Sunday, December 03, 2006

Red nano milk?

The Sueddeutsche Zeitung, one of Germany's left-leaning national dailies, speculated about the risks and benefits of emerging applications of nanotechnology last month. Among the potential applications that were discussed: milk containing nanoparticles that change their color and turn the milk red when it goes bad.

I am going to go out on a limb here and say that the commercial success of this idea will be limited, even for the U.S. market. After FlavrSavr and Frankenfood, one would assume that scientists and corporations have understood where consumers draw the line in the sand. But regardless of where exactly that line is, it's fairly safe to assume that red milk crosses it.

Nanoparticles, of course, are already used in numerous food-related applications, such as ketchup or vitamin supplements, and public protests have been limited. But consumers will not react favorably to products that remind them of the nanotechnology-based additives that they contain every time they take a sip from a carton of expired milk.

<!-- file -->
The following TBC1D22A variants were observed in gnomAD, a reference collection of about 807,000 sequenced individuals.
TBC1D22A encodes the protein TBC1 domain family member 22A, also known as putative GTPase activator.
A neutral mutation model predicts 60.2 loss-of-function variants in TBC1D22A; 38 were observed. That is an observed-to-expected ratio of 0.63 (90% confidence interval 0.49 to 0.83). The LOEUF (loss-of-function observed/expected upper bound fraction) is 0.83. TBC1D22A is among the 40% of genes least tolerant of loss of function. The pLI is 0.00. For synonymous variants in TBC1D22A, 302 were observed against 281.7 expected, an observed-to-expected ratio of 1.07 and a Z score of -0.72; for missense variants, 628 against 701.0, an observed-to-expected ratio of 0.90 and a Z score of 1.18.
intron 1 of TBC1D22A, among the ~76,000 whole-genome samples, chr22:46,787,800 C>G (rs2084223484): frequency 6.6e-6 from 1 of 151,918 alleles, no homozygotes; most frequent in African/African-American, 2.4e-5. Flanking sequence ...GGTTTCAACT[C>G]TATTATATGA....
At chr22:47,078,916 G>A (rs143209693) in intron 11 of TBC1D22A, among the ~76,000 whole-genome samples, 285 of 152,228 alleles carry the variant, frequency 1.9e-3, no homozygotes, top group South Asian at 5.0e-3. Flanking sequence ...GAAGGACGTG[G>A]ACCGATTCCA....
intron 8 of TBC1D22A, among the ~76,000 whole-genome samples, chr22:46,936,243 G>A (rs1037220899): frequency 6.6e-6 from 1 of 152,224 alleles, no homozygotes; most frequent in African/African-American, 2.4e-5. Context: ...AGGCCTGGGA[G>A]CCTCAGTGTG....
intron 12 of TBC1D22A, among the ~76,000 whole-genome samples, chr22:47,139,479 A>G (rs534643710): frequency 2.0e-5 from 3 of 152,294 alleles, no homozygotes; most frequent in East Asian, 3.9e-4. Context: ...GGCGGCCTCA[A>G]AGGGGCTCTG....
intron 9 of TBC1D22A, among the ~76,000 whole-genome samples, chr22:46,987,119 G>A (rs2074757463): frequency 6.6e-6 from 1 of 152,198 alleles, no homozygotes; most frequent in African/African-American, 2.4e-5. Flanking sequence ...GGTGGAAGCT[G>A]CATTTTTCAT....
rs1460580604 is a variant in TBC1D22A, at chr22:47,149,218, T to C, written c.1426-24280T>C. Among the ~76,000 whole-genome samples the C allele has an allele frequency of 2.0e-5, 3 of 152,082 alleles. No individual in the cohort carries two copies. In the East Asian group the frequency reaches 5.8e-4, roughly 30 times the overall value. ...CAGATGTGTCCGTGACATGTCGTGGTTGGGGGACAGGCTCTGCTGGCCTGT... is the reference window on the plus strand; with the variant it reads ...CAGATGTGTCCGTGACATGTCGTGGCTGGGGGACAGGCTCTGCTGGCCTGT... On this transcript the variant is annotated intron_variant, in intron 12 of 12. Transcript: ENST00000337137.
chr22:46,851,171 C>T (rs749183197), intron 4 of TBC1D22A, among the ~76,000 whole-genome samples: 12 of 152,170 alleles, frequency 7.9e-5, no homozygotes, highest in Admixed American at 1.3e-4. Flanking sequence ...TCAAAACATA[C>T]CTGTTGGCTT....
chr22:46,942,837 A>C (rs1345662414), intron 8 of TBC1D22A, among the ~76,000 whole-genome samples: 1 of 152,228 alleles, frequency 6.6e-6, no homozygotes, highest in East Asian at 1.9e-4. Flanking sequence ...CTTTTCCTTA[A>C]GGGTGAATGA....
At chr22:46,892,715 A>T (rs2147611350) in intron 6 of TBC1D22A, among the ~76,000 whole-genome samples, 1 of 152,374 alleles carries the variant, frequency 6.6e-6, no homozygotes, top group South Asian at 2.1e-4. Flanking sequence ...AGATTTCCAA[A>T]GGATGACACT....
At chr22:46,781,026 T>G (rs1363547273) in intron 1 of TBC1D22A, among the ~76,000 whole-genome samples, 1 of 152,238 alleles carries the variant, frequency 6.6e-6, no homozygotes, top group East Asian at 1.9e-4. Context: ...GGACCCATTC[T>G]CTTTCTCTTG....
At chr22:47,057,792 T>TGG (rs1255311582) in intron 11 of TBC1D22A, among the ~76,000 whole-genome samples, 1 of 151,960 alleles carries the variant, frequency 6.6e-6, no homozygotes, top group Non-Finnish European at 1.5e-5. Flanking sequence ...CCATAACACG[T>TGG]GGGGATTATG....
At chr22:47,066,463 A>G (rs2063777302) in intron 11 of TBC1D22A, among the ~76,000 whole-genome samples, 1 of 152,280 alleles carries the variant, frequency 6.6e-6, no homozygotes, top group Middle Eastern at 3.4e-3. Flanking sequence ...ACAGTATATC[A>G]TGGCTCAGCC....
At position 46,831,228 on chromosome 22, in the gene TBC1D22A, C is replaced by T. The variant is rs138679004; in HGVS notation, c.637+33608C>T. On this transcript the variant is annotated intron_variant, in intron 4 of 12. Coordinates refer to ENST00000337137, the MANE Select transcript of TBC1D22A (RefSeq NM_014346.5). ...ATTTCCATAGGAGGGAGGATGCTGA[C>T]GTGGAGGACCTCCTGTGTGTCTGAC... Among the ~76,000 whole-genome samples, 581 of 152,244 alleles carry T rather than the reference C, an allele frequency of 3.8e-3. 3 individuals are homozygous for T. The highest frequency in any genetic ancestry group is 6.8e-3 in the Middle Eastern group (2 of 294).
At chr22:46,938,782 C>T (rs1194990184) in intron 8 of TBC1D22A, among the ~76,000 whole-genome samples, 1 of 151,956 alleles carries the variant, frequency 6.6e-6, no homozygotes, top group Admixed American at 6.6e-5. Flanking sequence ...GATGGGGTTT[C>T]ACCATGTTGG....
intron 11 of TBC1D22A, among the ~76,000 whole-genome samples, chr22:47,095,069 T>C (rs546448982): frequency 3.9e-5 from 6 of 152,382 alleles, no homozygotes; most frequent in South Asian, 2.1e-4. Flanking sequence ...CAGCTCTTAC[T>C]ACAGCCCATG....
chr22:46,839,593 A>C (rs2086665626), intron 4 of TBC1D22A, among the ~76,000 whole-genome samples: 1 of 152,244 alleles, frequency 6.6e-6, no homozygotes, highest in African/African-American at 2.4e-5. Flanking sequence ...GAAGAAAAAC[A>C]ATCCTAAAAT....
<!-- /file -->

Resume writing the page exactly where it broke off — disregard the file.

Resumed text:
And when it comes to attitude formation, it does not matter if consumer concerns are justified or if they are based on an accurate understanding of the science behind these new technologies. What matters are public perceptions. And those perceptions, for better or worse, are often based on religious views, moral concerns, and other cognitive shortcuts that allow citizens to form opinions even in the absence of sufficient information. It's somewhat surprising, therefore, that some scientists still do not seem to be aware of the large body of empirical research on public perceptions about scientific issues, such as GMOs, stem cell research, and nanotechnology. And it's equally fascinating to see the naive surprise in some scientific circles and the calls for more public information campaigns every time there's a public backlash against a new technology or a policy proposal to regulate funding and research. One thing is for certain: If nano milk ever becomes a reality, it will produce both.